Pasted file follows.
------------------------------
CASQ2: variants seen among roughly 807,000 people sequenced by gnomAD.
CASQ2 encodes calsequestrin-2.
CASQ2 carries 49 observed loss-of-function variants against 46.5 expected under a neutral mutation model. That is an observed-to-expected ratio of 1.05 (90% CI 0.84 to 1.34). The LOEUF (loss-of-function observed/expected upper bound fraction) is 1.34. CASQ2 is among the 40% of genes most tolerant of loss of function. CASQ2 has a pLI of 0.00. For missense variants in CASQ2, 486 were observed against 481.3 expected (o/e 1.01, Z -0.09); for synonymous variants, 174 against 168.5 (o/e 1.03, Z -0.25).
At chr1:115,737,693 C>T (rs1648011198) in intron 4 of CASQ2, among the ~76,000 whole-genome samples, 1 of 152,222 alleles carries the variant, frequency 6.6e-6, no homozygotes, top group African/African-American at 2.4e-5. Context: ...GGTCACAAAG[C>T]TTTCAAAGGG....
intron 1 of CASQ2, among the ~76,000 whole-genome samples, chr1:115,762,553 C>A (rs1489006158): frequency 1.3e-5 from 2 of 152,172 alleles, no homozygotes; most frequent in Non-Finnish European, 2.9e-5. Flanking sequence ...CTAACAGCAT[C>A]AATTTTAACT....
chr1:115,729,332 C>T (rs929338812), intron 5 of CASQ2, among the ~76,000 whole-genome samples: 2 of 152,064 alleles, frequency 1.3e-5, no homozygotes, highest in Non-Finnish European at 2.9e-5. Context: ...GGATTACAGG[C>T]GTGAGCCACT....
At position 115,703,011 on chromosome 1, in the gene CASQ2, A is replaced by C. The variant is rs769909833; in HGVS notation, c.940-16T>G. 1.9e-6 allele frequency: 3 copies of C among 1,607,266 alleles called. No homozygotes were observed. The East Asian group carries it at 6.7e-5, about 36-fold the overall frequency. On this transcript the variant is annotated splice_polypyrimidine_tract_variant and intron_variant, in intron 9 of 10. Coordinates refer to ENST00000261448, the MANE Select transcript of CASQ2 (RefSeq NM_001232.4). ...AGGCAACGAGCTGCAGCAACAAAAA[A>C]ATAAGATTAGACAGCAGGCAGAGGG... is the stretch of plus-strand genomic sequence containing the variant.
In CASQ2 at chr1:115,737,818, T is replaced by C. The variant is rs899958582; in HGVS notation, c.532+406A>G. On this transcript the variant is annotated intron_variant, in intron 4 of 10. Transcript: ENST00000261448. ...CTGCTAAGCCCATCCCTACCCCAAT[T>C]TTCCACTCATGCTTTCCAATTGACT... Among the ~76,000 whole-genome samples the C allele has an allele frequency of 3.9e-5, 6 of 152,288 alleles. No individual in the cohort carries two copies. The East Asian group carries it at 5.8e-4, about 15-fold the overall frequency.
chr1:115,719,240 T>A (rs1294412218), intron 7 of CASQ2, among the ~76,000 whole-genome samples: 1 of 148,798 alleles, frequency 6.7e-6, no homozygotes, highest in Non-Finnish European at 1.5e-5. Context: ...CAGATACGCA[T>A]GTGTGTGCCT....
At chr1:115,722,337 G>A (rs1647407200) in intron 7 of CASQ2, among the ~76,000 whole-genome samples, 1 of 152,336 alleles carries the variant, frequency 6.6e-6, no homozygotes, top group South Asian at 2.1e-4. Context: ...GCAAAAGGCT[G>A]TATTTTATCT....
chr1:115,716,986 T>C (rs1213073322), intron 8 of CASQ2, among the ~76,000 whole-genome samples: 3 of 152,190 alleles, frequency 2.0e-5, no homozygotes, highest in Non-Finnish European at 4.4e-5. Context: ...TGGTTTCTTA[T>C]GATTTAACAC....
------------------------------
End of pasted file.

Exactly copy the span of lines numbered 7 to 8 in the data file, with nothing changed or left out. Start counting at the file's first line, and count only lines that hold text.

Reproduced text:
At position 115,703,011 on chromosome 1, in the gene CASQ2, A is replaced by C. The variant is rs769909833; in HGVS notation, c.940-16T>G. 1.9e-6 allele frequency: 3 copies of C among 1,607,266 alleles called. No homozygotes were observed. The East Asian group carries it at 6.7e-5, about 36-fold the overall frequency. On this transcript the variant is annotated splice_polypyrimidine_tract_variant and intron_variant, in intron 9 of 10. Coordinates refer to ENST00000261448, the MANE Select transcript of CASQ2 (RefSeq NM_001232.4). ...AGGCAACGAGCTGCAGCAACAAAAA[A>C]ATAAGATTAGACAGCAGGCAGAGGG... is the stretch of plus-strand genomic sequence containing the variant.
In CASQ2 at chr1:115,737,818, T is replaced by C. The variant is rs899958582; in HGVS notation, c.532+406A>G. On this transcript the variant is annotated intron_variant, in intron 4 of 10. Transcript: ENST00000261448. ...CTGCTAAGCCCATCCCTACCCCAAT[T>C]TTCCACTCATGCTTTCCAATTGACT... Among the ~76,000 whole-genome samples the C allele has an allele frequency of 3.9e-5, 6 of 152,288 alleles. No individual in the cohort carries two copies. The East Asian group carries it at 5.8e-4, about 15-fold the overall frequency.